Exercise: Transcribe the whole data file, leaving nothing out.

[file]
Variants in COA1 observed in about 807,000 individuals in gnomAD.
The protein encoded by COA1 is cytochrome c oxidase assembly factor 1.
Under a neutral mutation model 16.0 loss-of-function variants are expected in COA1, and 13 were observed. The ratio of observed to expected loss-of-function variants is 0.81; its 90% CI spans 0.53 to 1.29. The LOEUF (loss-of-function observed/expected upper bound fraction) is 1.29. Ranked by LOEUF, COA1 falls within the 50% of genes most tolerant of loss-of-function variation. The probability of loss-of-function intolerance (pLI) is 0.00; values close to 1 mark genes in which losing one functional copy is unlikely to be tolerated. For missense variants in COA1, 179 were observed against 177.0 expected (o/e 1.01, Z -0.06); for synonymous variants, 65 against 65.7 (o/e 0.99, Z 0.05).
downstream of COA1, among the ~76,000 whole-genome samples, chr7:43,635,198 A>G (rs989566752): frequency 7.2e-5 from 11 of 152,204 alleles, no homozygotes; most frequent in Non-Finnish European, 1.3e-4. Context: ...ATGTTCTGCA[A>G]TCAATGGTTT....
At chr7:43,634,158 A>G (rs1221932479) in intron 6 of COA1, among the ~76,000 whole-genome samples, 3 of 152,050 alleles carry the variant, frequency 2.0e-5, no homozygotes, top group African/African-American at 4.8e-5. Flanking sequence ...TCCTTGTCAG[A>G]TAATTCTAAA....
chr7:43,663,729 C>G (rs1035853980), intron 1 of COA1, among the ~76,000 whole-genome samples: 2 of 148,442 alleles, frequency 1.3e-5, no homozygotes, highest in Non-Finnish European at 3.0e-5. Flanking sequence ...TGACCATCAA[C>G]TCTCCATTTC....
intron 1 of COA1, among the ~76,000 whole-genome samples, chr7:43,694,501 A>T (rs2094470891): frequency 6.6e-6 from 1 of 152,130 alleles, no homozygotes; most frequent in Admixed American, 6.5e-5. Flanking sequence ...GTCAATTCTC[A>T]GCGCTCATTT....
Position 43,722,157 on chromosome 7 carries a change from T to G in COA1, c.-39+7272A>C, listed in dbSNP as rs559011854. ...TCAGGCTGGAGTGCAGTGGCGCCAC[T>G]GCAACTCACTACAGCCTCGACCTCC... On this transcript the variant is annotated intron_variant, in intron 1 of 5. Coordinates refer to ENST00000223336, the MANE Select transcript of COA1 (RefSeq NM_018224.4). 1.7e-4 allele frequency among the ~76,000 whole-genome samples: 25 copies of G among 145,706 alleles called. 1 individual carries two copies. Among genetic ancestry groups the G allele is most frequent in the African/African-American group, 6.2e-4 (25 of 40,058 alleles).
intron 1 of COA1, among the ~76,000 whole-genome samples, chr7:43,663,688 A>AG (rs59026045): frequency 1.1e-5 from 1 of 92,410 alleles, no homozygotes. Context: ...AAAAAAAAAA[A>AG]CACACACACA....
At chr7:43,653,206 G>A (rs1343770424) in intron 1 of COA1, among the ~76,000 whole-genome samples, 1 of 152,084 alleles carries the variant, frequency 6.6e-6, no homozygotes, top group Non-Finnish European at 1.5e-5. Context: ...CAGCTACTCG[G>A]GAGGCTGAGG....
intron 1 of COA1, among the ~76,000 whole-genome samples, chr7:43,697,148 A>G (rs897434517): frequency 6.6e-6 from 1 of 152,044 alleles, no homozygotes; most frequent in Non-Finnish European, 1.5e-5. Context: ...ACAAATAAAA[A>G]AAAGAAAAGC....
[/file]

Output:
Variants in COA1 observed in about 807,000 individuals in gnomAD.
The protein encoded by COA1 is cytochrome c oxidase assembly factor 1.
Under a neutral mutation model 16.0 loss-of-function variants are expected in COA1, and 13 were observed. The ratio of observed to expected loss-of-function variants is 0.81; its 90% CI spans 0.53 to 1.29. The LOEUF (loss-of-function observed/expected upper bound fraction) is 1.29. Ranked by LOEUF, COA1 falls within the 50% of genes most tolerant of loss-of-function variation. The probability of loss-of-function intolerance (pLI) is 0.00; values close to 1 mark genes in which losing one functional copy is unlikely to be tolerated. For missense variants in COA1, 179 were observed against 177.0 expected (o/e 1.01, Z -0.06); for synonymous variants, 65 against 65.7 (o/e 0.99, Z 0.05).
downstream of COA1, among the ~76,000 whole-genome samples, chr7:43,635,198 A>G (rs989566752): frequency 7.2e-5 from 11 of 152,204 alleles, no homozygotes; most frequent in Non-Finnish European, 1.3e-4. Context: ...ATGTTCTGCA[A>G]TCAATGGTTT....
At chr7:43,634,158 A>G (rs1221932479) in intron 6 of COA1, among the ~76,000 whole-genome samples, 3 of 152,050 alleles carry the variant, frequency 2.0e-5, no homozygotes, top group African/African-American at 4.8e-5. Flanking sequence ...TCCTTGTCAG[A>G]TAATTCTAAA....
chr7:43,663,729 C>G (rs1035853980), intron 1 of COA1, among the ~76,000 whole-genome samples: 2 of 148,442 alleles, frequency 1.3e-5, no homozygotes, highest in Non-Finnish European at 3.0e-5. Flanking sequence ...TGACCATCAA[C>G]TCTCCATTTC....
intron 1 of COA1, among the ~76,000 whole-genome samples, chr7:43,694,501 A>T (rs2094470891): frequency 6.6e-6 from 1 of 152,130 alleles, no homozygotes; most frequent in Admixed American, 6.5e-5. Flanking sequence ...GTCAATTCTC[A>T]GCGCTCATTT....
Position 43,722,157 on chromosome 7 carries a change from T to G in COA1, c.-39+7272A>C, listed in dbSNP as rs559011854. ...TCAGGCTGGAGTGCAGTGGCGCCAC[T>G]GCAACTCACTACAGCCTCGACCTCC... On this transcript the variant is annotated intron_variant, in intron 1 of 5. Coordinates refer to ENST00000223336, the MANE Select transcript of COA1 (RefSeq NM_018224.4). 1.7e-4 allele frequency among the ~76,000 whole-genome samples: 25 copies of G among 145,706 alleles called. 1 individual carries two copies. Among genetic ancestry groups the G allele is most frequent in the African/African-American group, 6.2e-4 (25 of 40,058 alleles).
intron 1 of COA1, among the ~76,000 whole-genome samples, chr7:43,663,688 A>AG (rs59026045): frequency 1.1e-5 from 1 of 92,410 alleles, no homozygotes. Context: ...AAAAAAAAAA[A>AG]CACACACACA....
At chr7:43,653,206 G>A (rs1343770424) in intron 1 of COA1, among the ~76,000 whole-genome samples, 1 of 152,084 alleles carries the variant, frequency 6.6e-6, no homozygotes, top group Non-Finnish European at 1.5e-5. Context: ...CAGCTACTCG[G>A]GAGGCTGAGG....
intron 1 of COA1, among the ~76,000 whole-genome samples, chr7:43,697,148 A>G (rs897434517): frequency 6.6e-6 from 1 of 152,044 alleles, no homozygotes; most frequent in Non-Finnish European, 1.5e-5. Context: ...ACAAATAAAA[A>G]AAAGAAAAGC....